A dispute on Mount Everest between three European mountain climbers and a group of Sherpa tour guides at 24,000 feet turned violent over the weekend, causing a brawl at a base camp.
Traditionally, Sherpas, an ethnic group in eastern Nepal, secure ropes for climbers and designate their climbing paths.
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The disagreement occurred when the three seasoned climbers -- one Italian, one Briton, and one Swiss -- apparently ignored instructions from Sherpas, who say the climbers
started climbing above them on their own. One of them may have also knocked some ice loose, hitting one of the Sherpas, the Atlantic reported.
The European climbers dispute this claim, who told local officials that one of the Sherpas rappelled down on top of the Swiss climber, the Alantic reported.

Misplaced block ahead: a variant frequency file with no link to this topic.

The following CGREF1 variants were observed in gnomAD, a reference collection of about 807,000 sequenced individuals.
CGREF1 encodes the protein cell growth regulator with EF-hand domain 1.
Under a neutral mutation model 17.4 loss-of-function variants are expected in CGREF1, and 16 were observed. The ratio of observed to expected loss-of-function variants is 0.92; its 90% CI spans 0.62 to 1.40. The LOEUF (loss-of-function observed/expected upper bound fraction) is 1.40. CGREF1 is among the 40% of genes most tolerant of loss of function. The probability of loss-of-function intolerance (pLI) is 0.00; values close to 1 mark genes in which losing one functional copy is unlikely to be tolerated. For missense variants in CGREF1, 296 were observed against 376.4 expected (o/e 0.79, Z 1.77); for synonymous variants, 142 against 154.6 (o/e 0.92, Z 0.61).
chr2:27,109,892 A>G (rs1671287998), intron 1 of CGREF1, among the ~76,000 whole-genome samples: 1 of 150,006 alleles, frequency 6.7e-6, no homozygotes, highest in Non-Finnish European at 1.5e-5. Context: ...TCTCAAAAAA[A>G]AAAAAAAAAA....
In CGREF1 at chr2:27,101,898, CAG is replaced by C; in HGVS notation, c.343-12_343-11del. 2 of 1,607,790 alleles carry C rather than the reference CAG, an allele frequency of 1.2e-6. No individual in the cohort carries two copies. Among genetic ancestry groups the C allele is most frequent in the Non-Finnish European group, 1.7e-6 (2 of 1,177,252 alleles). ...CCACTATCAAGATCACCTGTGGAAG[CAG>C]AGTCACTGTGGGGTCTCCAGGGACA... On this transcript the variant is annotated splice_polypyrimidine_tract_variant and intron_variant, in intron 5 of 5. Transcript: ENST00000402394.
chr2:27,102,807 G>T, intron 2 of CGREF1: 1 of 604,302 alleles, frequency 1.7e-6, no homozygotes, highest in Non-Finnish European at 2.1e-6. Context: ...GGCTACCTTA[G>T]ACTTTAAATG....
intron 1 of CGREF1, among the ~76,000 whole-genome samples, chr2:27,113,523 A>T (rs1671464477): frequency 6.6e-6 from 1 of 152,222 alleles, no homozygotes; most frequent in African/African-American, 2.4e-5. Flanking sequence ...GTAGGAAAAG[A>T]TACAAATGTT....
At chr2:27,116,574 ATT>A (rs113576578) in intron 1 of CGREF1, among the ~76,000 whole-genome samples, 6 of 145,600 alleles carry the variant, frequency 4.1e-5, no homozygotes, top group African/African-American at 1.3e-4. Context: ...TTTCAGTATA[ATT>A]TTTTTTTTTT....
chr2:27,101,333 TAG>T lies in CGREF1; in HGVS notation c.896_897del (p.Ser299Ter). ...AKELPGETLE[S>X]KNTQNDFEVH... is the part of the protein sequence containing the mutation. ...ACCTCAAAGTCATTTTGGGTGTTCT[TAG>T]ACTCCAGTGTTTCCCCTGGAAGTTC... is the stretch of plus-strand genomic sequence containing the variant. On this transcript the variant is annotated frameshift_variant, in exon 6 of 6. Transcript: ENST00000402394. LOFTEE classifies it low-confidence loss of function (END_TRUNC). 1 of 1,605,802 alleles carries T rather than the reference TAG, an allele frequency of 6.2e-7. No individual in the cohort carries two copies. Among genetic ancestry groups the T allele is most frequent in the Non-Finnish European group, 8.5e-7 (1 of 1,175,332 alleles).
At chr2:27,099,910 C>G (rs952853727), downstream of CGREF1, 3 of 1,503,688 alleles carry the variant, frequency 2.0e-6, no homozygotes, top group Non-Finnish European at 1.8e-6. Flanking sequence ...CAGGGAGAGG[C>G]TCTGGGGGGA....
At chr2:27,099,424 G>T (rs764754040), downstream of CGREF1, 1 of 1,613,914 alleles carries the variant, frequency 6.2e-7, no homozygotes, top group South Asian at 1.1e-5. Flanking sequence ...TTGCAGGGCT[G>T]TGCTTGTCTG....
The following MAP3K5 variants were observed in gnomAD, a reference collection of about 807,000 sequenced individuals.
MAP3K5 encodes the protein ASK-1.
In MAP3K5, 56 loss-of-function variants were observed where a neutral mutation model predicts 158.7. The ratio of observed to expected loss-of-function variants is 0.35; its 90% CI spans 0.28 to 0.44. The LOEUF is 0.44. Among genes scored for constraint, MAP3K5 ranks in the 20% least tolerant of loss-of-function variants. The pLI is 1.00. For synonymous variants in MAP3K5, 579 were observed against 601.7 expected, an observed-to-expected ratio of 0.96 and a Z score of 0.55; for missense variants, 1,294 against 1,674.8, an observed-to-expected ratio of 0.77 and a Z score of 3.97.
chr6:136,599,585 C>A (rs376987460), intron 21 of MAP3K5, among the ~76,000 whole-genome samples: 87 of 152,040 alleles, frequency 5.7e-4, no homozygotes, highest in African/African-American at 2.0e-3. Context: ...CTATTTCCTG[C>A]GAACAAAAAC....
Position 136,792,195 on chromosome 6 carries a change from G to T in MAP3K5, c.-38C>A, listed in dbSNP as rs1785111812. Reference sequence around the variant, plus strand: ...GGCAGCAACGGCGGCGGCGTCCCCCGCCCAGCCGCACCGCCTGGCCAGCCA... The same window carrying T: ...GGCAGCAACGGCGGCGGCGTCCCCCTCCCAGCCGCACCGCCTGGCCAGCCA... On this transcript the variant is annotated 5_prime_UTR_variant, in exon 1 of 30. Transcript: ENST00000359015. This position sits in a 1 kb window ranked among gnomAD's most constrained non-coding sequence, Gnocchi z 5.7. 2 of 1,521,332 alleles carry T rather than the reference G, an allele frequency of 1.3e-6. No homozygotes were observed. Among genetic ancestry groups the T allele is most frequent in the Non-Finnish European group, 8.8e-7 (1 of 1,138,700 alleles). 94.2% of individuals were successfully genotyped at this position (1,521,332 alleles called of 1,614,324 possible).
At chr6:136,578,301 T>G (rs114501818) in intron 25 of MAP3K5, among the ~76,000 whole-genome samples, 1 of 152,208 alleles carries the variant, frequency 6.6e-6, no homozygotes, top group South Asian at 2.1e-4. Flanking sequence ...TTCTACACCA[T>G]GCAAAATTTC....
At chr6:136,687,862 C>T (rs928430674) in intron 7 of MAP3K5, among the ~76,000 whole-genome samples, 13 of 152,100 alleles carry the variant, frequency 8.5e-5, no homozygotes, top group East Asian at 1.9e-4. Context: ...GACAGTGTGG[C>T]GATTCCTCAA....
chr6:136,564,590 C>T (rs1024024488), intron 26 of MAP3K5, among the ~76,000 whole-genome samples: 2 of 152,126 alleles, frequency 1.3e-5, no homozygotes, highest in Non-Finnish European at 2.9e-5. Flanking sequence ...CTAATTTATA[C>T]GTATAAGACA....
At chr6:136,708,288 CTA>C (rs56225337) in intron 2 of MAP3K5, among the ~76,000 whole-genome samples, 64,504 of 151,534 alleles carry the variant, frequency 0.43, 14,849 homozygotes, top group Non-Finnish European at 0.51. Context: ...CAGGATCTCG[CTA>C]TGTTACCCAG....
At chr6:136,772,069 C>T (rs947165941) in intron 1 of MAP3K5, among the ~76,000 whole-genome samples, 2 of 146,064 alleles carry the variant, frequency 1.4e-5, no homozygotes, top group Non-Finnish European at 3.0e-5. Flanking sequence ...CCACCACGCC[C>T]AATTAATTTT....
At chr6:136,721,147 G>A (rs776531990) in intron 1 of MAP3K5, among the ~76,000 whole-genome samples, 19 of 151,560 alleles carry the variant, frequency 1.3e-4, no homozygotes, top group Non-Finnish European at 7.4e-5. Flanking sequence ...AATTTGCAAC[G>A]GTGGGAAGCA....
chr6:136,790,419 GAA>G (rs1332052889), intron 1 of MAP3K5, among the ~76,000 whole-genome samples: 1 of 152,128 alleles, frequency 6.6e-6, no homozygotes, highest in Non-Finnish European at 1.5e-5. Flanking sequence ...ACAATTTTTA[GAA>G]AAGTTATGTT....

The Swiss climber claims he then "raised his hands above his head to protect himself" from the Sherpa.
The group claims the Sherpa responded by swinging his ice axe in anger and threatening to hurt them.
News travelled fast, and about 100 Sherpas who heard the guides' side of the story greeted the European climbers by pelting their tents with rocks when they returned to the base camp.
Locals reportedly attacked the Europeans by kicking and hitting them, forcing them to flee the area until another group of Westerners intervened. The climbers claim they might have been killed if the other foreign climbers had not stepped in.
It was not reported where the other Westerners came from.
Local officials are investigating the incident, which they say has never happened before on the world's biggest mountain.
Mount Everest expeditions have become increasingly popular. There have been at least 32 this year alone. The increase has led to overcrowding on the mountain during the spring months, which is the most popular time to climb.
Last year, four climbers died on the mountain due to "traffic jams" that caused climbers to slow down and spend more time than they should at dangerous altitudes, the Atlantic Wire reported.
Mount Everest, which runs between China and Nepal, is the Earth's highest mountain at 29,029 feet high.
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